System dynamics (SD) is a methodology and mathematical modeling technique to frame, understand, and discuss complex issues and problems. Originally developed in the 1950s to help corporate managers improve their understanding of industrial processes, SD is currently being used throughout the public and private sector for policy analysis and design.
Convenient graphical user interface (GUI) system dynamics software developed into user friendly versions by the 1990s and have been applied to diverse systems. SD models solve the problem of simultaneity (mutual causation) by updating all variables in small time increments with positive and negative feedbacks and time delays structuring the interactions and control. The best known SD model is probably the 1972 The Limits to Growth. This model forecast that exponential growth of population and capital, with finite resource sources and sinks and perception delays, would lead to economic collapse during the 21st century under a wide variety of growth scenarios.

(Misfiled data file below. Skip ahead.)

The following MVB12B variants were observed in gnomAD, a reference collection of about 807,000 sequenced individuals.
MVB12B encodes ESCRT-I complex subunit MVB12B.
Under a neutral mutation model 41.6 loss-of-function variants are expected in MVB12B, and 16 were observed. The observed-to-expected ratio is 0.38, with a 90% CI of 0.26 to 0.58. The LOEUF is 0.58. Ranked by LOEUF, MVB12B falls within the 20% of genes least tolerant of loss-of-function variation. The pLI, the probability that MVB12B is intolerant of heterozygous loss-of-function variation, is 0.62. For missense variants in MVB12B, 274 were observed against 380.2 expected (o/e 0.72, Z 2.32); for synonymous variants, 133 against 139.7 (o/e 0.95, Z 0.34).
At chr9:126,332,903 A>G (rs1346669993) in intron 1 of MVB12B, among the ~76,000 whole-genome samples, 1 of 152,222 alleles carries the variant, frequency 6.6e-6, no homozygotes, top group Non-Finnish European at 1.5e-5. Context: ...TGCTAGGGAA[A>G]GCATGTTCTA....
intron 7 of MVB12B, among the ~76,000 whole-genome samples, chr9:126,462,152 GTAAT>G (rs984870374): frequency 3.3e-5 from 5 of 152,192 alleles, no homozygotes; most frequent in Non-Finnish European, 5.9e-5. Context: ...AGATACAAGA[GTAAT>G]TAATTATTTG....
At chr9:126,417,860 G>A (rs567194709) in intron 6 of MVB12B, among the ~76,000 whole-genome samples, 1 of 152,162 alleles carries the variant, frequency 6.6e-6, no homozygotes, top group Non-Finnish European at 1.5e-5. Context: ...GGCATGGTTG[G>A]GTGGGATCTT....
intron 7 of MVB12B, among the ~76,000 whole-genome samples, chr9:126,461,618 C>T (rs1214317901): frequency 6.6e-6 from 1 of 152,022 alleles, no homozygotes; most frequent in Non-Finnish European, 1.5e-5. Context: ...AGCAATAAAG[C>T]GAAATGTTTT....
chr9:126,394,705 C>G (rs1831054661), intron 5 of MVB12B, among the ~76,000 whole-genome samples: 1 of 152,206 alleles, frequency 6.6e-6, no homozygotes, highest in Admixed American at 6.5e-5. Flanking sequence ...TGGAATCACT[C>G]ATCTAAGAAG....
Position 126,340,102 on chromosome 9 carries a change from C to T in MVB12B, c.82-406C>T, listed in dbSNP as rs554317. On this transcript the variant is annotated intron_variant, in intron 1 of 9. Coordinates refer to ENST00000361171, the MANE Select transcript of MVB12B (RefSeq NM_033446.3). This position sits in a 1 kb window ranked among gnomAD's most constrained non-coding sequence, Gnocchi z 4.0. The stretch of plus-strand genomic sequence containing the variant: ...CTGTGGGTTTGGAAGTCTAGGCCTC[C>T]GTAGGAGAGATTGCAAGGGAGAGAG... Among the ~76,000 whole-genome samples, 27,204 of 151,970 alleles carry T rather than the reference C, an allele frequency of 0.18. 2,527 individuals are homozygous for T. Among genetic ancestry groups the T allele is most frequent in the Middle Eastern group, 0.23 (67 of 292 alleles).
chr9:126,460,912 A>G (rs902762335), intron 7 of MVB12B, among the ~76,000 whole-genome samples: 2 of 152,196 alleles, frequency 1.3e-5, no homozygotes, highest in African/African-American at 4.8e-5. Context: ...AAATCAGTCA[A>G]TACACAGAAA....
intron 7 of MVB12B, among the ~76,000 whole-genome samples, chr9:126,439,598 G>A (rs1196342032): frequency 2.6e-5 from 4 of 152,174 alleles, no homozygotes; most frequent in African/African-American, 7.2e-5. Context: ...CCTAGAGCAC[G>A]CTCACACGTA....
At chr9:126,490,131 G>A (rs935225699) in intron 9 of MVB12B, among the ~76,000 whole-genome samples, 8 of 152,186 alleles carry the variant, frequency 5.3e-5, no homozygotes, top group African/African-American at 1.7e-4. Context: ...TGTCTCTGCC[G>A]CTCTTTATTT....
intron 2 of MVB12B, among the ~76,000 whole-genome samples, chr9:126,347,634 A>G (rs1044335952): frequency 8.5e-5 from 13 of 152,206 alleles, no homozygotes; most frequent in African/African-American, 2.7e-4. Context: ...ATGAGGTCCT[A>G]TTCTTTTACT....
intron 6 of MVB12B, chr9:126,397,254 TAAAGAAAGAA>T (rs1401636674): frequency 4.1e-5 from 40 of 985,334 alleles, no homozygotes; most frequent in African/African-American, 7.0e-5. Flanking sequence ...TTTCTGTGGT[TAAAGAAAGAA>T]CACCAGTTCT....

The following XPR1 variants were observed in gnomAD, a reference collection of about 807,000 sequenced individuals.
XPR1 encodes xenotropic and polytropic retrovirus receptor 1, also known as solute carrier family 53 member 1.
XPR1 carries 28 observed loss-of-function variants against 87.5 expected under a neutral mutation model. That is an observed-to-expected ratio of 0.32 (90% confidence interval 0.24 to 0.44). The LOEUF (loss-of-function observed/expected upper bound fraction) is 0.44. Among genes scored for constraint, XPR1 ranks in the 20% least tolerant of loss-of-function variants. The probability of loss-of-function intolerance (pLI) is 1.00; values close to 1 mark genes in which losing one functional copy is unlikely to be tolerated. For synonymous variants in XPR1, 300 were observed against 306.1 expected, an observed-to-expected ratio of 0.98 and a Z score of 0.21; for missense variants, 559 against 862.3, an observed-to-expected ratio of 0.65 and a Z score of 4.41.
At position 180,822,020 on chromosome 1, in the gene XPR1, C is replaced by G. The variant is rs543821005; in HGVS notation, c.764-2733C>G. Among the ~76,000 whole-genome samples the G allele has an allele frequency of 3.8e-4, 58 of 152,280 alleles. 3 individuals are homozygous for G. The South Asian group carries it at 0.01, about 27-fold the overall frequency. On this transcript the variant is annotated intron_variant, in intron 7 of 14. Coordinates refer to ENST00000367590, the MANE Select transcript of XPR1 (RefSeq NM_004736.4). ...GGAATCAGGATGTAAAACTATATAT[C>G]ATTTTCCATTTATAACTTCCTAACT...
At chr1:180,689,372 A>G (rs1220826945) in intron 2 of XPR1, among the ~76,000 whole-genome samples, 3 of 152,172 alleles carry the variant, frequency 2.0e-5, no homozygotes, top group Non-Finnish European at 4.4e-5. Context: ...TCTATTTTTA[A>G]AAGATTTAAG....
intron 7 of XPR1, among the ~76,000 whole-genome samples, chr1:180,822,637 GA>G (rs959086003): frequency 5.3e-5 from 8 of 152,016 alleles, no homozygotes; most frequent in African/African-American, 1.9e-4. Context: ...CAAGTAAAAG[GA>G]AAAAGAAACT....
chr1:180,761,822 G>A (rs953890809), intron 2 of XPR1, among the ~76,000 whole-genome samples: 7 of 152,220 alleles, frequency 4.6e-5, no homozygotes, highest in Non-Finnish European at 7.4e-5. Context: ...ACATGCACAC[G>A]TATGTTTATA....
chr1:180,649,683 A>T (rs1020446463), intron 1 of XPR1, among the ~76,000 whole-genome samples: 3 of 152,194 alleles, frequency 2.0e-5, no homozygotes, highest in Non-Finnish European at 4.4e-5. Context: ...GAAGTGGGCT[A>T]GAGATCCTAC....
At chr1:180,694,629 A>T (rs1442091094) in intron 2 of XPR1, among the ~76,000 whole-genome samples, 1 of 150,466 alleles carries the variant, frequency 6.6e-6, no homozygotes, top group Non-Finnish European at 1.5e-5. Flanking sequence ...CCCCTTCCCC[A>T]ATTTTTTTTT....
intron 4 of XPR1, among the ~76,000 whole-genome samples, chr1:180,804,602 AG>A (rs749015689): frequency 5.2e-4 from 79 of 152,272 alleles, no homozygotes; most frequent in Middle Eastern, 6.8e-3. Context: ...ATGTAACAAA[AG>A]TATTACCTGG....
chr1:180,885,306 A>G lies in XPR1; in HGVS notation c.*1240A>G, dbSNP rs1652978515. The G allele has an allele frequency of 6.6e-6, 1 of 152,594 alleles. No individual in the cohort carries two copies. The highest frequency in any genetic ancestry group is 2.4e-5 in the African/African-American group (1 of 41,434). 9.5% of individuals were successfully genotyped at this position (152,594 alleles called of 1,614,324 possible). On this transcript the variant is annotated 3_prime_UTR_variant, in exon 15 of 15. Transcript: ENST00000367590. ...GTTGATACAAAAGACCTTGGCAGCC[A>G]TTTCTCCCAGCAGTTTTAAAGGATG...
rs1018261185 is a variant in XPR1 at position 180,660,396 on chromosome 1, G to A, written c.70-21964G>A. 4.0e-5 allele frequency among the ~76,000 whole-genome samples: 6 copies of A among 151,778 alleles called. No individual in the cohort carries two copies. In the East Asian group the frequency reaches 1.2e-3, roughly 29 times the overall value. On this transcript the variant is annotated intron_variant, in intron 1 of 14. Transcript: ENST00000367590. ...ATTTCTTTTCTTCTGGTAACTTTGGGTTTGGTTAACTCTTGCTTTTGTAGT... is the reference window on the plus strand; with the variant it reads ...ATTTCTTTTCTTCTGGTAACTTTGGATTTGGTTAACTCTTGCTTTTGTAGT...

System dynamics is an aspect of systems theory as a method to understand the dynamic behavior of complex systems. The basis of the method is the recognition that the structure of any system, the many circular, interlocking, sometimes time-delayed relationships among its components, is often just as important in determining its behavior as the individual components themselves. Examples are chaos theory and social dynamics. It is also claimed that because there are often properties-of-the-whole which cannot be found among the properties-of-the-elements, in some cases the behavior of the whole cannot be explained in terms of the behavior of the parts.
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